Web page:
Your body is a complex chemistry set, and what you eat and don’t eat can affect you down to the cellular, even molecular, level. Inflammation and impaired immunity are the human equivalent of flames and bubbles in a test tube.

Human dieter research led by Janet Walberg Rankin, professor in human nutrition, foods, and exercise, implicates a popular high-fat diet as a cause of inflammation. Research with cats by veterinarian Korinn Saker has demonstrated that immune function is impacted by rapid weight loss. Saker and Rankin’s research goals are to find ways to lose weight without impairing health, while counteracting the cause of ill health in the chronically obese.

The Virginia Tech researchers agree that the culprit appears to be oxidative stress.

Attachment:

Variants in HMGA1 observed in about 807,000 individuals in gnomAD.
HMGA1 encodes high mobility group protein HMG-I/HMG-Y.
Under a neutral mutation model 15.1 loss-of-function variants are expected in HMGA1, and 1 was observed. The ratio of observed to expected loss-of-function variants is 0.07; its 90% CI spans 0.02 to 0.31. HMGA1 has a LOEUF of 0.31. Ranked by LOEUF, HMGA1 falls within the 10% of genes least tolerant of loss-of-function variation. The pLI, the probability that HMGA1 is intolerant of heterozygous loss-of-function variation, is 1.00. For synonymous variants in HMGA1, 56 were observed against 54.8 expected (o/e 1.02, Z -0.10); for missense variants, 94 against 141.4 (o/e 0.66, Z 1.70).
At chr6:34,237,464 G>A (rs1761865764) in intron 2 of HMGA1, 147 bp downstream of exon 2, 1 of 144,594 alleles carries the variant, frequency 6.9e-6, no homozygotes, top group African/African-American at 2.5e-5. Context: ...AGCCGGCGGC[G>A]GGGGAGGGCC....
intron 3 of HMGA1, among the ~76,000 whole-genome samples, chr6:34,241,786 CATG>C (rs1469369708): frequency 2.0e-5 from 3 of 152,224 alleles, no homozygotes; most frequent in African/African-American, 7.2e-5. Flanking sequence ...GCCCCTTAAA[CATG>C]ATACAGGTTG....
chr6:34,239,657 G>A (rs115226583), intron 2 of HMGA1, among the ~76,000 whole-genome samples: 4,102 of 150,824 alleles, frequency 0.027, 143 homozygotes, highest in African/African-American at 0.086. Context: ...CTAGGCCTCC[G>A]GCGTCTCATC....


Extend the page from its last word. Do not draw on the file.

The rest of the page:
Oxidation, appropriately to this discussion of diet, is an example of too much of a good thing. We need oxygen to survive. Oxygen helps convert food into energy. However, in the oxidation process, some oxygen atoms lose electrons and become free radicals. The breakdown of fats produces more free radicals than does the breakdown of carbohydrates and proteins. These highly reactive atoms seek to correct their imbalance by robbing electrons from other atoms, which can interfere with cellular processes or damage such cellular components as DNA or the cell membrane. Oxidative stress is implicated in many chronic diseases, including cancer, diabetes, obesity, and compromised immune function. The defense is antioxidants - molecules that scavenge the free radicals.

From fat cats ...